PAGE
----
Last week I found a source for fresh rabbit meat in San Rafael, a small gem of a store called Legitimo that sells artisanal regional products.  It's been a while since we enjoyed a rabbit meal in Maastricht, Holland where it is a traditional fall/winter item on restaurant menus.  My anticipation of the cooked dish outweighed squeamishness as I faced the grim task of chopping the carcass into manageable pieces with a cleaver.  It's hard not to think of Bugs Bunny, the Easter rabbit and Watership Down when the small head with its milky pink eyes and long white teeth lies lifeless on the cutting board.   The leftover animal parts provide a special treat for our dog Frida, who, despite boundless enthusiasm for the chase,  is just not fast enough to catch a hare.  She is quick to take the rabbit head off my hands and withdraw to a remote corner of the yard to savour a delicacy that must taste to her like a canine dream come true.  
Picture
Rabbit is one of the healthiest meats available, with fat and cholesterol counts lower than chicken, turkey, beef or pork.  It's also a sustainable farm product, as one doe rabbit weighing 10 pounds can produce 320 pounds of meat per year - more than a cow!  When one considers that it takes two acres of prime land to maintain one cow, rabbit farming seems like a  more sensible, eco-friendly alternative.

Picture
The rabbit dish that I remember from a brisk fall evening in Maastricht was "Limburgse Knien," served at the Wiekse Witte restaurant, cooked in a sweet and sour sauce based on prunes.  This is slow food, as the meat is marinated overnight in vinegar with chopped onion, thyme, rosemary and bay leaves, while the prunes soak in apple juice.  The next day,  the rabbit pieces are removed from the liquid, dredged  in flour and fried in butter until golden.  The marinade is heated separately in the frying pan until boiling, then with the seared rabbit added, allowed to simmer on low for about an hour until the meat is tender and falling off the bone.   The sauce is thickened with a few tablespoons of flour stirred into a half cup of beer.   I add the softened prunes along with  some brown sugar and cook the dish for another 15 minutes before serving. 

Picture
The conejo is paired with a red wine purchased from the same store,  Legitimo, a Cab recommended by the shopkeeper who proudly tells us that this is his son's vino tinto, produced right here in San Rafael.  Famiglia Mortarotti Cabernet Sauvignon 2008 is a full-bodied, aged in oak red with a nose of mocha cream and cherries, mouth of plum, ginger, black pepper, followed by a firm astringent finish.   This wine is not found in any of the large  supermarkets, but is well worth seeking out at Legitimo, where it sells for 19.64 pesos.   The fresh rabbit costs 30 pesos and must be ordered at the beginning of the week for Friday pick-up.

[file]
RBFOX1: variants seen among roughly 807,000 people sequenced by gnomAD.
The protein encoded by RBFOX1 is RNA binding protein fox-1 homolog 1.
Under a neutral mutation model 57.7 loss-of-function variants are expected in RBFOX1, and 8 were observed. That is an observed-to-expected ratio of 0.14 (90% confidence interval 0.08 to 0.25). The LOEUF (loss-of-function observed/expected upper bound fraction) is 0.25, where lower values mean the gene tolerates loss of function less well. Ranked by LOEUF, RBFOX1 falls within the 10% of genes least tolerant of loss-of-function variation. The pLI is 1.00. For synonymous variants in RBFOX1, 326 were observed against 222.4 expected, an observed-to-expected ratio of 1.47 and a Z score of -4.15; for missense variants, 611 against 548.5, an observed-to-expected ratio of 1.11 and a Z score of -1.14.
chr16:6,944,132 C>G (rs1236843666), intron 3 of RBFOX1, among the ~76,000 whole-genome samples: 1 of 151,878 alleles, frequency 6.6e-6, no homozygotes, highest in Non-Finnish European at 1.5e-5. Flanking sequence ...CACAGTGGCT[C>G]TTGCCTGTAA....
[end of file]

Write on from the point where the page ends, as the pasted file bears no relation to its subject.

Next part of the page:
Picture
Legitimo means authentic, and that quality of genuineness is a key element in the non-fiction book "The Rabbit House" by Laura Alcoba.  A personal account of life in Argentina during the "Dirty War" years of dictatorship between 1976 and 1983, this book is narrated from the perspective of a seven-year-old girl whose parents are members of the Montoneros, a left-wing Peronist militant group opposed to the repressive regime. They live in a house full of hidden weapons and banned books, using rabbit-raising as a screen for their illicit activities.    The childhood recorded in this book is one of imposed secrecy, vigilance and restraint, a constant duty that requires all of the youngster's willpower and stamina.  In a 2008 interview with writer Angelique Chrisafis from the Guardian newspaper, the writer described her experience.     "It might seem strange, but for a little girl in that situation being in hiding just becomes part of everyday life, " says Alcoba. "She learns very quickly that in winter it's cold, fire burns and we could be killed at any moment. But it's overwhelming for a little girl because of the seriousness of any little gaffe she might make that could put the group in danger.  She doesn't always manage what she is supposed to say and not say.  It's as if she's in a costume that's too difficult to wear." 
This is the first published memoir from a child survivor of Argentina's "Dirty War" era, and the book resonates with a courage that recalls Anne Frank's diary written during World War II in The Netherlands.  Alcoba did survive her ordeal, managed to escape to Paris and now teaches Spanish literature at a French university.    Read an excerpt from this remarkable book. 

 
 
There's a very fine restaurant near our farm that offers the best cuisine and the most serene, scenic environment to be found anywhere in the province of Mendoza.  Located in the midst of Algodon Wine Estates,  an 825 hectare land development  with a golf course, vineyard, bodega, championship tennis courts,  and lodge, the restaurant is one of the area's gems.